Heart Disease and Stroke

Heart Disease And Stroke

Heart disease is the number one killer of both men and women in the United States. It has, for the most part, been recognized as a severe health threat but the avenue of approach for prevention and treatment leave a lot to be desired.

Cholesterol has been given the blame for causing heart disease but it is merely one of the culprits. Eliminating or dramatically reducing cholesterol is not the answer. Eliminating cholesterol from your diet will do little or nothing to reduce total serum levels since the majority of cholesterol is made in your liver. Currently, a lipid panel consists of total cholesterol, HDL or good cholesterol, LDL cholesterol or bad cholesterol, the cardiac risk ratio which is the total cholesterol divided by the good cholesterol and triglycerides.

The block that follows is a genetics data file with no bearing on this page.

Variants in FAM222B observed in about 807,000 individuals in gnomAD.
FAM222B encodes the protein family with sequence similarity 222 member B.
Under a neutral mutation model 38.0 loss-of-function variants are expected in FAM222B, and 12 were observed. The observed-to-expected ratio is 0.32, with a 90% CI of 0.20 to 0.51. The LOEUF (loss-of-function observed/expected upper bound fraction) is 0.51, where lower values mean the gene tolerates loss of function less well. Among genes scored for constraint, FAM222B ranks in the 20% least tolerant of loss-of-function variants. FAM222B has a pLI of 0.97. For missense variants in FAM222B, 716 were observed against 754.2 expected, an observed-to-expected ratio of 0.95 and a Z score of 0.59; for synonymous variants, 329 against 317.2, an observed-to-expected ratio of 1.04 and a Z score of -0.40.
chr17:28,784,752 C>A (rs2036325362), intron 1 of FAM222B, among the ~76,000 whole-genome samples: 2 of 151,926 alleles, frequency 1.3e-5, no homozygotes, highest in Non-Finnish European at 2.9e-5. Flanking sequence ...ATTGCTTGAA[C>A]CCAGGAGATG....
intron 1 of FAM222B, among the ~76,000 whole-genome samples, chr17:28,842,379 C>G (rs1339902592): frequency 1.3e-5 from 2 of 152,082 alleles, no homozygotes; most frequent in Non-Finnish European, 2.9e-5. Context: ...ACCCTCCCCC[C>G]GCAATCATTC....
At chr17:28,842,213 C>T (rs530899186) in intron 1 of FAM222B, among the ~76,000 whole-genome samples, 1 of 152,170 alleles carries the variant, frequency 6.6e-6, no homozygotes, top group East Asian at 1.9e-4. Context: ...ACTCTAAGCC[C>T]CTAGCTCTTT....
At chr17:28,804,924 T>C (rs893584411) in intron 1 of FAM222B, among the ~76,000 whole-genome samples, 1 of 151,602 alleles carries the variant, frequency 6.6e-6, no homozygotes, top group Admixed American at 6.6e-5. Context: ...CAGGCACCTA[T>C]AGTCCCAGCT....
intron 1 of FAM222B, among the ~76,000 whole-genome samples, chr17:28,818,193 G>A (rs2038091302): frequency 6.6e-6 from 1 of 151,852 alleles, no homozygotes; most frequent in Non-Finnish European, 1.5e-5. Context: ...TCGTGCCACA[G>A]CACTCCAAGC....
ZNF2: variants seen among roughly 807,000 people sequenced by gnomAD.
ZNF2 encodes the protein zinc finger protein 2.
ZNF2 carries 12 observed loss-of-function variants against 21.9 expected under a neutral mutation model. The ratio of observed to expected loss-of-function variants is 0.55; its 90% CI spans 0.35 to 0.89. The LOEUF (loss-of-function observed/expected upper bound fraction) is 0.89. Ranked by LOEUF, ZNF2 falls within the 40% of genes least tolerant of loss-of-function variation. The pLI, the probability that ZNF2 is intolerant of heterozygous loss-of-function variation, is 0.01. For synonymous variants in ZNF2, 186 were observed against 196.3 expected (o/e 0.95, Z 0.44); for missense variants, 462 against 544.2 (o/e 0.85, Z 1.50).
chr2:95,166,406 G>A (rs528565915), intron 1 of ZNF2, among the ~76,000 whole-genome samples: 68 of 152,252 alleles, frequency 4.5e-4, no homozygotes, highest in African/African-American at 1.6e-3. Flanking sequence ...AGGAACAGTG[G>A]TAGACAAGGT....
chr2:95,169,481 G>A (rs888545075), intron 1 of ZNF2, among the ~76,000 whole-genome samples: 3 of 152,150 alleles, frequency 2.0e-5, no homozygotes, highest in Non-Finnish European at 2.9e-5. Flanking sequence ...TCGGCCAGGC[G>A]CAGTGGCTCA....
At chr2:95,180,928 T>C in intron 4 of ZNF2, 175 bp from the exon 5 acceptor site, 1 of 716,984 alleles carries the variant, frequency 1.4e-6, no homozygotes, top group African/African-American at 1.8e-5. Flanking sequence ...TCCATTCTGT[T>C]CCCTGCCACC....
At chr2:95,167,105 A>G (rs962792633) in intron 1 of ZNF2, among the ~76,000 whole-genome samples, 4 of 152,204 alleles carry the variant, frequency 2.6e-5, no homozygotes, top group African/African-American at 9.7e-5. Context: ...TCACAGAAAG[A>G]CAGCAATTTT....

There are independent factors that are major contributors to heart disease and are even more important than cholesterol in the assessment of the risk for heart disease and stroke. High Sensitivity C- Reactive protein measures inflammation of the vascular system. Homocysteine is a substance that scars the arterial wall so that the passing fats have something to adhere to as the pass through the artery. Fibrinogen can be measured as an indicator of potential clot formation. LDL cholesterol should be broken down into more specific categories to reveal a more accurate potential threat. Triglycerides are one of the easiest lipids to get under control and elevation of these could also be an indicator for the potential for diabetes.

Accurate assessment should be performed early on and then nutritional intervention established to prevent or reverse cardiovascular risk factors. Heart disease is, for the most part, preventable. It is a chronic disease of poor lifestyle and nutrition. It is not just a disease of elevated cholesterol. Patients should not be lulled into a false sense of security because their cholesterol is below 200.